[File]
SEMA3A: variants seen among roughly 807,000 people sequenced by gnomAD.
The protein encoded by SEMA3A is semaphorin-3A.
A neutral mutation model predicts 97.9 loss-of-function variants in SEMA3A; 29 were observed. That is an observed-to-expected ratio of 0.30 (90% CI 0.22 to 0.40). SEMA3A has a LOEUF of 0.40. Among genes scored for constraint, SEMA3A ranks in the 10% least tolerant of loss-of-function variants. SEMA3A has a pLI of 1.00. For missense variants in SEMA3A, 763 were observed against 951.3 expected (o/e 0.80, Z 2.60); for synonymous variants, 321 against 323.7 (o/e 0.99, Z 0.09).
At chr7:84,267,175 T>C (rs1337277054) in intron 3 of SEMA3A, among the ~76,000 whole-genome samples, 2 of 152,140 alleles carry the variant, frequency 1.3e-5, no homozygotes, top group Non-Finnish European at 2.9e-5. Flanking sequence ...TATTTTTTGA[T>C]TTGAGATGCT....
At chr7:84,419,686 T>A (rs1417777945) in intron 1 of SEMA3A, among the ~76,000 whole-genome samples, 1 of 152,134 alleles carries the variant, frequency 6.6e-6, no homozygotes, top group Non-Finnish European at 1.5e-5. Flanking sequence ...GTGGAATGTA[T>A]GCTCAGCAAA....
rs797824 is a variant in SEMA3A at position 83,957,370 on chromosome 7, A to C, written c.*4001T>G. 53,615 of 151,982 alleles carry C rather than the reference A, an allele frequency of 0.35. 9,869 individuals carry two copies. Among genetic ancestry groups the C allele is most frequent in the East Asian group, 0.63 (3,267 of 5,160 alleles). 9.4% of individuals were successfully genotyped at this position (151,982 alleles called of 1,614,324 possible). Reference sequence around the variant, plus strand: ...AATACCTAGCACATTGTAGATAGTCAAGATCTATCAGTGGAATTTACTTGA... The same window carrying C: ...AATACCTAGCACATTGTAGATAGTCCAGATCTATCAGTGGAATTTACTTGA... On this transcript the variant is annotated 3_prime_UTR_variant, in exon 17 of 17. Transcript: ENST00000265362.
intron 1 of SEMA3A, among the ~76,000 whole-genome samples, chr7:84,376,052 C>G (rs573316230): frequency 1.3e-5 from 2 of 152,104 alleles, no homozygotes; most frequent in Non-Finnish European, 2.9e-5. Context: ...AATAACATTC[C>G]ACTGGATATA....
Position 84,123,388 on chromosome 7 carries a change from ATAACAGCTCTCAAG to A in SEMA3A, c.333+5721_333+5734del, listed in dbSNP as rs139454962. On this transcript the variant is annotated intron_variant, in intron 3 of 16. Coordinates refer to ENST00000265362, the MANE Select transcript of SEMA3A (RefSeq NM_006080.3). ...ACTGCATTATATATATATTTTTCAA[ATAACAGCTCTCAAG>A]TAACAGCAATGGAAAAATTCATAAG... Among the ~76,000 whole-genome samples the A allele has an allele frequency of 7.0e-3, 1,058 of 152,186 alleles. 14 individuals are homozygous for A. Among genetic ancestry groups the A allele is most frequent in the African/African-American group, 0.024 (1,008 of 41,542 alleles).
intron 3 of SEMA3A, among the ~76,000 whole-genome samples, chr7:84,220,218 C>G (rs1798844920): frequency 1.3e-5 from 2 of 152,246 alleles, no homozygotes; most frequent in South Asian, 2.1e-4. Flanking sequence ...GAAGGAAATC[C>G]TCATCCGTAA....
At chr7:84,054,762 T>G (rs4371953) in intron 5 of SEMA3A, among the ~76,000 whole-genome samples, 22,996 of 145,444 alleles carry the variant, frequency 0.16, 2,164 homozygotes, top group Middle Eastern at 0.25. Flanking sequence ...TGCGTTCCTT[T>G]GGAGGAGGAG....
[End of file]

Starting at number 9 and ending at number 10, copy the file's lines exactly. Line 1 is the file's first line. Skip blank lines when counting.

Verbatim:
intron 3 of SEMA3A, among the ~76,000 whole-genome samples, chr7:84,220,218 C>G (rs1798844920): frequency 1.3e-5 from 2 of 152,246 alleles, no homozygotes; most frequent in South Asian, 2.1e-4. Flanking sequence ...GAAGGAAATC[C>G]TCATCCGTAA....
At chr7:84,054,762 T>G (rs4371953) in intron 5 of SEMA3A, among the ~76,000 whole-genome samples, 22,996 of 145,444 alleles carry the variant, frequency 0.16, 2,164 homozygotes, top group Middle Eastern at 0.25. Flanking sequence ...TGCGTTCCTT[T>G]GGAGGAGGAG....